Kirkcaldy, James (DNB00)
KIRKCALDY or KIRKALDY, Sir JAMES (d. 1556), of Grange, lord high treasurer of Scotland, was descended from the elder branch of a family which at a very early period had been settled in Fifeshire, his father being William Kirkaldy of Grange. Introduced to the court of James V by his father-in-law, Sir John Melville of Raith, he soon became a special favourite of the king, who made him a lord of the bedchamber, and on 24 March 1537 appointed him lord high treasurer of Scotland. He was one of the chief opponents of the ambitious political projects of Cardinal Beaton and the ecclesiastics. It was chiefly owing to his persuasion that the king refused to sanction the punishment of a number of noblemen and barons whose names had been inscribed by Cardinal Beaton on a ‘scroll’ as guilty of heresy (Knox, Works, i. 82–4; and more at length in Sir James Melville's Memoirs, pp. 60–2). He also advised the king to check the power of the ecclesiastics and increase the revenues of the crown by retaking possession of the benefices as they fell vacant (ib. p. 63). The supporters of Beaton were afraid to oppose his statements in his presence; for, according to Sir James Melville, he was ‘a stout, bold man,’ ready to maintain his words at the point of the sword. But during his absence from court, at the marriage of his second son to the heiress of Kelly, they persuaded the king to grant a warrant for his imprisonment. Arriving, however, suddenly in Edinburgh, he obtained an interview with the king before the warrant could be executed, and got it countermanded (ib. p. 67). According to Melville it was during the absence of Kirkcaldy at this time that James V was induced to withdraw from his engagement to meet Henry VIII at York (ib.) After the rout of Solway (25 Nov. 1542) the king on his way to Falkland visited Kirkcaldy's house at Hallyards, but Kirkcaldy himself was absent (Knox, i. 90). Chiefly by the persuasion of Kirkcaldy, the Earl of Arran, on the death of the king shortly afterwards, was induced to assume the regency, in order to counteract Cardinal Beaton's attempt to place himself and three other persons in the regency (ib. i. 93; Sir James Melville, Memoirs, p. 71). The cardinal nevertheless soon persuaded Arran to dismiss Kirkcaldy from the treasurership. In the following year Crichton, laird of Brunston, informed Henry VIII that Kirkcaldy and the Master of Rothes were prepared to apprehend or slay the cardinal if assured of his support. Henry VIII approved of the scheme, but through precautions taken by the cardinal it was for the time frustrated (see especially ‘Historical Remarks on the Assassination of Cardinal Beaton’ in Appendix to Tytler, History of Scotland). Kirkcaldy, however, never lost sight of his purpose; although he did not take an actual part in the assassination of the cardinal in 1546, he was one of its main instigators, and on the evening succeeding the assassination joined the murderers in the castle of St. Andrews. On 9 March he, along with others in the castle, signed a contract with the king of England, engaging to promote a marriage between Prince Edward and Mary Queen of Scots and to further the unity of the two realms. On the surrender of St. Andrews castle in the following July he was carried a prisoner to France, where he was confined in the castle of Cherbourg (Knox, i. 225). According to Knox, strenuous efforts were made to induce Kirkcaldy and the other prisoners to attend the mass, but they remained obdurate (ib.) Through the intercession of the queen-dowager they were released in July 1550 (ib. p. 233). Kirkcaldy died some time in 1556. By his wife, Janet Melville, daughter of Sir James Melville of Raith, he had five sons: Sir William [q. v.], Sir James, hanged on the same scaffold with Sir William in 1573, Sir David, Thomas, and George. Of his four daughters: Marjory was married to Sir Henry Ramsay of Coluthie; Agnes, to Sir Robert Drummond of Carnock; Marion, to William Semple, second baron of Cathcart; and Elizabeth, to Sir John Mowbray of Barnbougle.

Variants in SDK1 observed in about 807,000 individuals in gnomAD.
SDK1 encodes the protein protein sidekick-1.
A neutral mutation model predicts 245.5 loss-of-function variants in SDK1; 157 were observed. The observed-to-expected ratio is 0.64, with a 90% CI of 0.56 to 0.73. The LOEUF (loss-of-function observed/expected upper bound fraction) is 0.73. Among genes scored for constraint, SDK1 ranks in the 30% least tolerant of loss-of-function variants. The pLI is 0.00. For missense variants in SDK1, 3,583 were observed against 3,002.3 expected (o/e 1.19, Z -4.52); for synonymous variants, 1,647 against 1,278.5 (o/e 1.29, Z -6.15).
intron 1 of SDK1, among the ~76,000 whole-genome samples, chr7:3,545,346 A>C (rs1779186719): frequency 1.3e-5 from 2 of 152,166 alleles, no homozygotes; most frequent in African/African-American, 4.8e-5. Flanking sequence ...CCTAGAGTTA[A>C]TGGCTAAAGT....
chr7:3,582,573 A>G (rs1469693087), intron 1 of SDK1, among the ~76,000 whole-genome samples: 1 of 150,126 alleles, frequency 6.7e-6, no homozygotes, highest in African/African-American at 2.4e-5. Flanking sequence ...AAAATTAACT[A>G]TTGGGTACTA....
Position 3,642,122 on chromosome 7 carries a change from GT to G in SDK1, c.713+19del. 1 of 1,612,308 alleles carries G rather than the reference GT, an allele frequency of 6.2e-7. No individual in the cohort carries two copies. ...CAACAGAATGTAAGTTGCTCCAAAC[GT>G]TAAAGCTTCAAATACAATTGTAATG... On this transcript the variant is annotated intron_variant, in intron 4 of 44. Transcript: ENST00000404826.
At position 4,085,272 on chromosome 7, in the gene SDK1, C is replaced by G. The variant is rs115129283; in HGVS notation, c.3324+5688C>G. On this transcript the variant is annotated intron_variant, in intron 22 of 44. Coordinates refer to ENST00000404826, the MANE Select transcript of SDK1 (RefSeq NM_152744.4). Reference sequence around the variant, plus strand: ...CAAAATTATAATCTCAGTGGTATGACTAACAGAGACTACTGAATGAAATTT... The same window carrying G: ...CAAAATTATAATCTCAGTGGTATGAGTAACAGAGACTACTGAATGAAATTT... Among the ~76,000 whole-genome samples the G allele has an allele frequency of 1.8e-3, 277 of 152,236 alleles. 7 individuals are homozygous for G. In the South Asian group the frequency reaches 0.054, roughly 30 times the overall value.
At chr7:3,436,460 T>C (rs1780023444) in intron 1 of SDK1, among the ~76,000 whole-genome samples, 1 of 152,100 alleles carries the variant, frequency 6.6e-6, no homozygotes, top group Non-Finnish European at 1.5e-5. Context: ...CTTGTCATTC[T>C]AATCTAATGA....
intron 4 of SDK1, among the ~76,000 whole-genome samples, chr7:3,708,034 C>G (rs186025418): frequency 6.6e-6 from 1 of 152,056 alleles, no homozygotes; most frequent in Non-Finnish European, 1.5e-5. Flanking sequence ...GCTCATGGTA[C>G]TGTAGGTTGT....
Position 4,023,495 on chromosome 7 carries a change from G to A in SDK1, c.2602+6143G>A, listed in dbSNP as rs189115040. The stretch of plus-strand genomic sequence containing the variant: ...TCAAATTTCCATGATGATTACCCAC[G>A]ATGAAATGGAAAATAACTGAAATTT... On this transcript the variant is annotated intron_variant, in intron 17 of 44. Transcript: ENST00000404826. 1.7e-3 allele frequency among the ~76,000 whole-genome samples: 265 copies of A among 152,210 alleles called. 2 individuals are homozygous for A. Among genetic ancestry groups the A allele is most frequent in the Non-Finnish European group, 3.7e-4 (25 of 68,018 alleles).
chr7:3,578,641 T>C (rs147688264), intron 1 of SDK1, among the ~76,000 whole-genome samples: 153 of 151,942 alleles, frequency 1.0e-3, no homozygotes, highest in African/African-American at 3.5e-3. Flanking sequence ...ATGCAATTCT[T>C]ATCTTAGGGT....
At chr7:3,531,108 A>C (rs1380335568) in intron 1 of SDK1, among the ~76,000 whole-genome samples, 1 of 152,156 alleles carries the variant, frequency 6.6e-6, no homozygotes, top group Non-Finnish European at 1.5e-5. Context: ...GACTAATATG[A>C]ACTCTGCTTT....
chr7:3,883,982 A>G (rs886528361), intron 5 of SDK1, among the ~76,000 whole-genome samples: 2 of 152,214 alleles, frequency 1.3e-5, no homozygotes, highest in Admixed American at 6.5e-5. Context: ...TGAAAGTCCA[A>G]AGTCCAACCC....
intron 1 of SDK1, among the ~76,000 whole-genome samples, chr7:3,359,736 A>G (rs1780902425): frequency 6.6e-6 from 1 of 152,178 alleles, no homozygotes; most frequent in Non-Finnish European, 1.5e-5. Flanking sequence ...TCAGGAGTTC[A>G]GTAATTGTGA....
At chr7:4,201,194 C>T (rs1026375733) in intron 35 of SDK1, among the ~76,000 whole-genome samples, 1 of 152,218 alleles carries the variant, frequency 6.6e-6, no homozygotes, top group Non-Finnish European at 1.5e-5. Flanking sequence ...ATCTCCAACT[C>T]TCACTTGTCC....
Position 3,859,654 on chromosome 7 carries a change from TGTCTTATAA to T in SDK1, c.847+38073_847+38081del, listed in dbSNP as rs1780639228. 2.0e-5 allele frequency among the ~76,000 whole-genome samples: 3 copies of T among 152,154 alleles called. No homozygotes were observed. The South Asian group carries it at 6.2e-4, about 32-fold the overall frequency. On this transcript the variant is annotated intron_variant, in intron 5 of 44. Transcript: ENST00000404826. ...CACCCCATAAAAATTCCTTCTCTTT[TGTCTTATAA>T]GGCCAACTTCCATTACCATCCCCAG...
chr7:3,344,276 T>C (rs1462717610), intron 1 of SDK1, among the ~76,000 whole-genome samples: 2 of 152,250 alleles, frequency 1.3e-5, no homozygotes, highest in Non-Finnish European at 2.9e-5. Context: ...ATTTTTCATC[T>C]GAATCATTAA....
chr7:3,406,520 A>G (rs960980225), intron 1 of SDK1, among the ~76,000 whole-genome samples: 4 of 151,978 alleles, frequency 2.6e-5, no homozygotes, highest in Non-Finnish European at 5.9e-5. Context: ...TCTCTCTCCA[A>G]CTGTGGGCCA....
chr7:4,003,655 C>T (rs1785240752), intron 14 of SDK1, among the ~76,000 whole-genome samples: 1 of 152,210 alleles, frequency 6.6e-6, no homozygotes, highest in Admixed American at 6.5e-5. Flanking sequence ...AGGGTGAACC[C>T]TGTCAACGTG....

[Knox's Works; Sir James Melville's Memoirs; Crawfurd's Officers of State, pp. 374–5.]